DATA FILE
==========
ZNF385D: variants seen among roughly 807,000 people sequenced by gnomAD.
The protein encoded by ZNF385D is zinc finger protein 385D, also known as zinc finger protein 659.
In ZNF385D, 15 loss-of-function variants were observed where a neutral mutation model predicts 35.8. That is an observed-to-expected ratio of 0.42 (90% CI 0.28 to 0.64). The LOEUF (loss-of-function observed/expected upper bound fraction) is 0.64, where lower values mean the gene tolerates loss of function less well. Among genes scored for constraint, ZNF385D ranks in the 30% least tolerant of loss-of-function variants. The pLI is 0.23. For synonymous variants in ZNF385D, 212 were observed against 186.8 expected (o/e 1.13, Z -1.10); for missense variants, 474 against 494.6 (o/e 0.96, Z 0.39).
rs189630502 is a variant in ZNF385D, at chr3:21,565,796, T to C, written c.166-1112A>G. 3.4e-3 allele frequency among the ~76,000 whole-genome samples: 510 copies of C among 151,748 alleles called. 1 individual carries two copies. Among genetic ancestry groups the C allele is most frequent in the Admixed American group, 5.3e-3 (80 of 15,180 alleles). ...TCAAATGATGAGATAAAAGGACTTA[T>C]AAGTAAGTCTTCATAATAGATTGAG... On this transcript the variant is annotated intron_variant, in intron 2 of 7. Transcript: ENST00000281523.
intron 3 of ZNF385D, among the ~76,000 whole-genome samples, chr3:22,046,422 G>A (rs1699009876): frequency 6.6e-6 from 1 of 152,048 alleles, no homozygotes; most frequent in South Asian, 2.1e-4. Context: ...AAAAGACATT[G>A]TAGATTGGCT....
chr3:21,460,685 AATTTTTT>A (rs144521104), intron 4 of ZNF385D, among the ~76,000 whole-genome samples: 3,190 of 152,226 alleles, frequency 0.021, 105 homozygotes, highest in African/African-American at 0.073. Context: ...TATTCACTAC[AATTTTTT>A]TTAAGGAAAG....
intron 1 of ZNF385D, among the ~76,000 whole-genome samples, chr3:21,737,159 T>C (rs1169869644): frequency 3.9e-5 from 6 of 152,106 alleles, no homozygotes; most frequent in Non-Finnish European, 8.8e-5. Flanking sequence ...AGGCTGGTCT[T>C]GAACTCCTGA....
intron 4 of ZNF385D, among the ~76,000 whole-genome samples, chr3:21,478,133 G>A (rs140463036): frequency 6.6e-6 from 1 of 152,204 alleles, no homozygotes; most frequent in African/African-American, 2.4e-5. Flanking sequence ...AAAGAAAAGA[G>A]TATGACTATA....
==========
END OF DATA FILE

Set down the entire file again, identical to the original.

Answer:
ZNF385D: variants seen among roughly 807,000 people sequenced by gnomAD.
The protein encoded by ZNF385D is zinc finger protein 385D, also known as zinc finger protein 659.
In ZNF385D, 15 loss-of-function variants were observed where a neutral mutation model predicts 35.8. That is an observed-to-expected ratio of 0.42 (90% CI 0.28 to 0.64). The LOEUF (loss-of-function observed/expected upper bound fraction) is 0.64, where lower values mean the gene tolerates loss of function less well. Among genes scored for constraint, ZNF385D ranks in the 30% least tolerant of loss-of-function variants. The pLI is 0.23. For synonymous variants in ZNF385D, 212 were observed against 186.8 expected (o/e 1.13, Z -1.10); for missense variants, 474 against 494.6 (o/e 0.96, Z 0.39).
rs189630502 is a variant in ZNF385D, at chr3:21,565,796, T to C, written c.166-1112A>G. 3.4e-3 allele frequency among the ~76,000 whole-genome samples: 510 copies of C among 151,748 alleles called. 1 individual carries two copies. Among genetic ancestry groups the C allele is most frequent in the Admixed American group, 5.3e-3 (80 of 15,180 alleles). ...TCAAATGATGAGATAAAAGGACTTA[T>C]AAGTAAGTCTTCATAATAGATTGAG... On this transcript the variant is annotated intron_variant, in intron 2 of 7. Transcript: ENST00000281523.
intron 3 of ZNF385D, among the ~76,000 whole-genome samples, chr3:22,046,422 G>A (rs1699009876): frequency 6.6e-6 from 1 of 152,048 alleles, no homozygotes; most frequent in South Asian, 2.1e-4. Context: ...AAAAGACATT[G>A]TAGATTGGCT....
chr3:21,460,685 AATTTTTT>A (rs144521104), intron 4 of ZNF385D, among the ~76,000 whole-genome samples: 3,190 of 152,226 alleles, frequency 0.021, 105 homozygotes, highest in African/African-American at 0.073. Context: ...TATTCACTAC[AATTTTTT>A]TTAAGGAAAG....
intron 1 of ZNF385D, among the ~76,000 whole-genome samples, chr3:21,737,159 T>C (rs1169869644): frequency 3.9e-5 from 6 of 152,106 alleles, no homozygotes; most frequent in Non-Finnish European, 8.8e-5. Flanking sequence ...AGGCTGGTCT[T>C]GAACTCCTGA....
intron 4 of ZNF385D, among the ~76,000 whole-genome samples, chr3:21,478,133 G>A (rs140463036): frequency 6.6e-6 from 1 of 152,204 alleles, no homozygotes; most frequent in African/African-American, 2.4e-5. Flanking sequence ...AAAGAAAAGA[G>A]TATGACTATA....